Pivoting on Pledges, Trump Explores Art of the Climb-Down - NBC Connecticut
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Pivoting on Pledges, Trump Explores Art of the Climb-Down

Trump pivoted on two big policy fronts this week, easing up on his threats to quickly close the southern border and deciding that a fresh effort to repeal and replace the Affordable Care Act should wait until after the 2020 election

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    President Donald Trump speaks at the National Republican Congressional Committee's annual spring dinner in Washington, April 2, 2019.

    His border shutdown went from imminent to uncertain. A major health-care push was declared and then delayed. Funding cuts were inserted in his proposed budget and just as quickly taken out.

    President Donald Trump has been exploring the art of the climb-down.

    Trump pivoted on two big policy fronts this week, easing up on his threats to quickly close the southern border and deciding that a fresh effort to repeal and replace the Affordable Care Act should wait until after the 2020 election.

    The moves came as Republicans, outside groups and aides expressed anxiety about the potential economic and political fallout from Trump's proposals.

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    Ultimatums being fired from both ends of Pennsylvania Avenue are setting up showdowns this week on two major topics: immigration and Robert Mueller's report on Russian election meddling. The Justice Department says a redacted version of Mueller's report should be released by mid-April. Meanwhile, the Trump administration says the president is serious about shutting down the border with Mexico over the number of migrants attempting to enter the United States. 

    (Published Tuesday, April 2, 2019)

    The president's swift backpedaling underscored his off-the-cuff style and suggested that more such drama is likely ahead as he tries to sync his policymaking with his re-election campaign.

    To many, the Washington whiplash was another reminder that Trump tweets first and governs later.

    "Most presidents and even most CEOs, when they make a decision that is going to have financial impact or personnel impact, you seek a lot of input," said Republican strategist Rick Tyler. "He doesn't do that. Even his own communications staff says he goes by his gut."

    The president's pronouncements and social media blasts are often surprise attacks. They can vanish as quickly as they emerge if political expedience warrants a different tack.

    His announcement last week that the GOP was going to take on health care again despite a bruising and unsuccessful effort in 2017 stunned most in his own party, and seemed driven in part by a lingering desire to fulfill his oft-repeated 2016 campaign promise to repeal "Obamacare."

    He surprised his own education secretary with the declaration that he was reversing a plan to ax federal aid for the Special Olympics after the proposed cuts sparked a public outcry.

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    Few working for him ever want to get out in front of a Trump announcement for fear it will change at the last minute.

    Trump's latest policy twists come after the conclusion of the special counsel's Russia investigation and as the president is turning his attention to his 2020 campaign.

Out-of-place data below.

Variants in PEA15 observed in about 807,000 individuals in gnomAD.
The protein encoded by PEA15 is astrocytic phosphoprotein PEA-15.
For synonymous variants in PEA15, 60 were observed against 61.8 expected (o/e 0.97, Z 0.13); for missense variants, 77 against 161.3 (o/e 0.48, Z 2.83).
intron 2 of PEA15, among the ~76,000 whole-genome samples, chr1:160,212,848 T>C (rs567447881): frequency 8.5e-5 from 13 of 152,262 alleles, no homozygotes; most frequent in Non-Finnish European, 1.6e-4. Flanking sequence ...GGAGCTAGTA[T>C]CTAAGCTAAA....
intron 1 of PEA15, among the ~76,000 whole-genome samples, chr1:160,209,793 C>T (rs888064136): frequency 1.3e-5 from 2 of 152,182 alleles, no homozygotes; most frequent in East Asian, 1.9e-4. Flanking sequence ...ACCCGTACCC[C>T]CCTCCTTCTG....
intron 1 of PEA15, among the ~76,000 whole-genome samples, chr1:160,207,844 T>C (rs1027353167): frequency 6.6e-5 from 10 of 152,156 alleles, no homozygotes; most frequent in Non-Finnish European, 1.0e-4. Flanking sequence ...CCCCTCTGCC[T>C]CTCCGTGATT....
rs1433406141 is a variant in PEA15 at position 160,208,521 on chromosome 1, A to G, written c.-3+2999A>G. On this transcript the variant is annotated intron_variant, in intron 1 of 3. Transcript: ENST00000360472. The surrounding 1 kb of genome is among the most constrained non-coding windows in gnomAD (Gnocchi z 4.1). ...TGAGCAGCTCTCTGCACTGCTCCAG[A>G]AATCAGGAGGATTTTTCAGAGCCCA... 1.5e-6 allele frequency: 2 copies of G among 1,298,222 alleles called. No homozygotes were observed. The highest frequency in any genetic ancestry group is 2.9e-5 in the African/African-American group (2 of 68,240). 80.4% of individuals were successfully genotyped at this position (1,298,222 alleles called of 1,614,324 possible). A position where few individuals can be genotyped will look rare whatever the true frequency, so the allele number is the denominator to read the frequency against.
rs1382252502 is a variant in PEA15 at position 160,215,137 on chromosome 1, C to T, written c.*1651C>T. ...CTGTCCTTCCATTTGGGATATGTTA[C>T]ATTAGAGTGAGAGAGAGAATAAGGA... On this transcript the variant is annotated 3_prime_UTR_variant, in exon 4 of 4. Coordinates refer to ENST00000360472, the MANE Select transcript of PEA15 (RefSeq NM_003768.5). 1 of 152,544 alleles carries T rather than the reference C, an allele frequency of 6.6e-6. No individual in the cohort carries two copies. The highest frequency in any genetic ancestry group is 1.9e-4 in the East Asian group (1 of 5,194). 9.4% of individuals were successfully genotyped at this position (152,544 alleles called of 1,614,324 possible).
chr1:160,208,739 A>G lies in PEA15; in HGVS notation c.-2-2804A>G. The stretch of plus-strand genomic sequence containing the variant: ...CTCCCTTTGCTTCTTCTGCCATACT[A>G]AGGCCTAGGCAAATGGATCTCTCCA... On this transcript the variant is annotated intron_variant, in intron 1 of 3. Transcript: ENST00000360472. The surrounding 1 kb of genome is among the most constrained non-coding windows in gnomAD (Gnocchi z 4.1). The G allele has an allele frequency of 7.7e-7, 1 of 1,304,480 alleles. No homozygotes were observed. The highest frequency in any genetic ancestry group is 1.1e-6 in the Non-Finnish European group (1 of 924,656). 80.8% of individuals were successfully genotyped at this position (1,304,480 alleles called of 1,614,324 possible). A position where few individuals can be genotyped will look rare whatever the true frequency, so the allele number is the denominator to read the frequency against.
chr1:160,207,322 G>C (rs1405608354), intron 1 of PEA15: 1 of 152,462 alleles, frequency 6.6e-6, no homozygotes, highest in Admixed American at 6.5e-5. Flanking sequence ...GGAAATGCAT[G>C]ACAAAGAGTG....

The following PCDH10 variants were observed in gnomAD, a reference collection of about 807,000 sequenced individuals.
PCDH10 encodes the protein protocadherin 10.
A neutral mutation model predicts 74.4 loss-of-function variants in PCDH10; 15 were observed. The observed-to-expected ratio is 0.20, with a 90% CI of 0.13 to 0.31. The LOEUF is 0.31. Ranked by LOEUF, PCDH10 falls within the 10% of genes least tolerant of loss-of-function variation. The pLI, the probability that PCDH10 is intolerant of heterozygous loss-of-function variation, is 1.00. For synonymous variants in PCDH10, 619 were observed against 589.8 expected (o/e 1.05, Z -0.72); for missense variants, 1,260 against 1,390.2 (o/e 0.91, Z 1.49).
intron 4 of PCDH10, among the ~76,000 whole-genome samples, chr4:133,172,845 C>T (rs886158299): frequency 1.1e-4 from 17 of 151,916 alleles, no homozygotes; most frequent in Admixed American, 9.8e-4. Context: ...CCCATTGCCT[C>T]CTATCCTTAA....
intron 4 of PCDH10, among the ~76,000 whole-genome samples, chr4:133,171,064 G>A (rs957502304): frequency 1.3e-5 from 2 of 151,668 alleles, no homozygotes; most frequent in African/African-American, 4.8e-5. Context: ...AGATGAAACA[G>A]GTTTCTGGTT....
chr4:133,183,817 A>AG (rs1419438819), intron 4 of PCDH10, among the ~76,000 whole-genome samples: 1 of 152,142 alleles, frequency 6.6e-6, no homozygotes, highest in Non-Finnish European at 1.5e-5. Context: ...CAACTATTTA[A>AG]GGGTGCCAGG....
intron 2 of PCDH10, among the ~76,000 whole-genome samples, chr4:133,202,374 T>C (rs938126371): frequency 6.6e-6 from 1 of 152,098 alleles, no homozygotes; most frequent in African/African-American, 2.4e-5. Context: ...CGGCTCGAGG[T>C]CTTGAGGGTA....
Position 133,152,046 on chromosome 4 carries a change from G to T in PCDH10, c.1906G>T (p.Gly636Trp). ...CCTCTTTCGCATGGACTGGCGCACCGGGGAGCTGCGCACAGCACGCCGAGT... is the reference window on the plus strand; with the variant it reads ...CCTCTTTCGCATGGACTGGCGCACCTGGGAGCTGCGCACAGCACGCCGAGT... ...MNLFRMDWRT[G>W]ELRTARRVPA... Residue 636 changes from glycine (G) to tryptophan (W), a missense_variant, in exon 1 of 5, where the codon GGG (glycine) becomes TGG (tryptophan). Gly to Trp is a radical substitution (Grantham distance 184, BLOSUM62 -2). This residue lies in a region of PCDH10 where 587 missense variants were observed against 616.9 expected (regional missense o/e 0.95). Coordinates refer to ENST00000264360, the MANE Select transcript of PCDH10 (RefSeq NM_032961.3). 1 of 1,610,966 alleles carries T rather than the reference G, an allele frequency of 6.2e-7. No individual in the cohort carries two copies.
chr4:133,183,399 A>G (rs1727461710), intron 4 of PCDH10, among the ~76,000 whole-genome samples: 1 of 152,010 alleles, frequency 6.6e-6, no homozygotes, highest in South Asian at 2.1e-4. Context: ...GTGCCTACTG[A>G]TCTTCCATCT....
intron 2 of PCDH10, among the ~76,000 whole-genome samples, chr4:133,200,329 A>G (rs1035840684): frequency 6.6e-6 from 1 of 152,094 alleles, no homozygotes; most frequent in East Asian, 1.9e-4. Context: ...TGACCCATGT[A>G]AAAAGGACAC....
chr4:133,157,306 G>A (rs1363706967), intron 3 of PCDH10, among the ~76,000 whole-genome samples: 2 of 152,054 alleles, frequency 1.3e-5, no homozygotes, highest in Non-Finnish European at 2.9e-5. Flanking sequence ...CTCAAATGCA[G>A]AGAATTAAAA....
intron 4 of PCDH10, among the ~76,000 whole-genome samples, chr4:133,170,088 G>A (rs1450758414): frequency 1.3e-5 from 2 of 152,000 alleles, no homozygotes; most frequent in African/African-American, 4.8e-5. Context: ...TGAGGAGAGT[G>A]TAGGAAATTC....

His loose style also reflects his current leadership team. Acting Chief of Staff Mick Mulvaney is viewed as a less-controlling figure than previous chiefs, seeking to provide Trump with analysis and information, but not trying to restrict his conversations or steer his decisions.

    After threatening last week to seal the border if Mexico did not immediately halt all illegal immigration into the U.S., Trump on Tuesday appeared to be laying the groundwork for a delay, saying he was happy with steps taken by Mexico and that he would like to see Congress pass legislation revising the immigration system. Still, he held open the possibility of a border shutdown, saying: "I'm totally ready to do it."

    Trump has been threatening the closure privately for months, but his staff has been trying to slow him down with data about the economic impact and suggestions on ways to lessen the financial hit.

    The president acknowledged the economy was on his mind Tuesday, but played down those concerns, saying, "Let me just give you a little secret: Security is more important to me than trade."

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    On health care, Trump plunged into the fight again last week, prompted by a court deadline. But his motivations were always as political as they were legislative, with the president not wanting to cede a 2020 campaign issue to Democrats. And allies stressed Tuesday that the president had never laid out a timeline for legislation.

    With his tweet Monday night, Trump made clear there would be no vote until after the 2020 election, though he insisted a GOP plan still was in the works.

    His downgrade came after pressure from congressional Republicans, including Senate Majority Leader Mitch McConnell, who said he told Trump "we were not going to be doing that in the Senate."

    Asked if he was acting at McConnell's behest, Trump insisted: "I wanted to delay it myself."

    Heading into 2020, Trump sees border security and health care as key issues for his political base and he is expected to keep pushing them even if he dials back specific threats.

    Speaking Tuesday night at the National Republican Congressional Committee's spring dinner, he declared that Republicans "should not run away from health care."

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    "If we stay away from that subject, we're going to lose," Trump said.

    Associated Press writers Jill Colvin and Kevin Freking contributed to this report.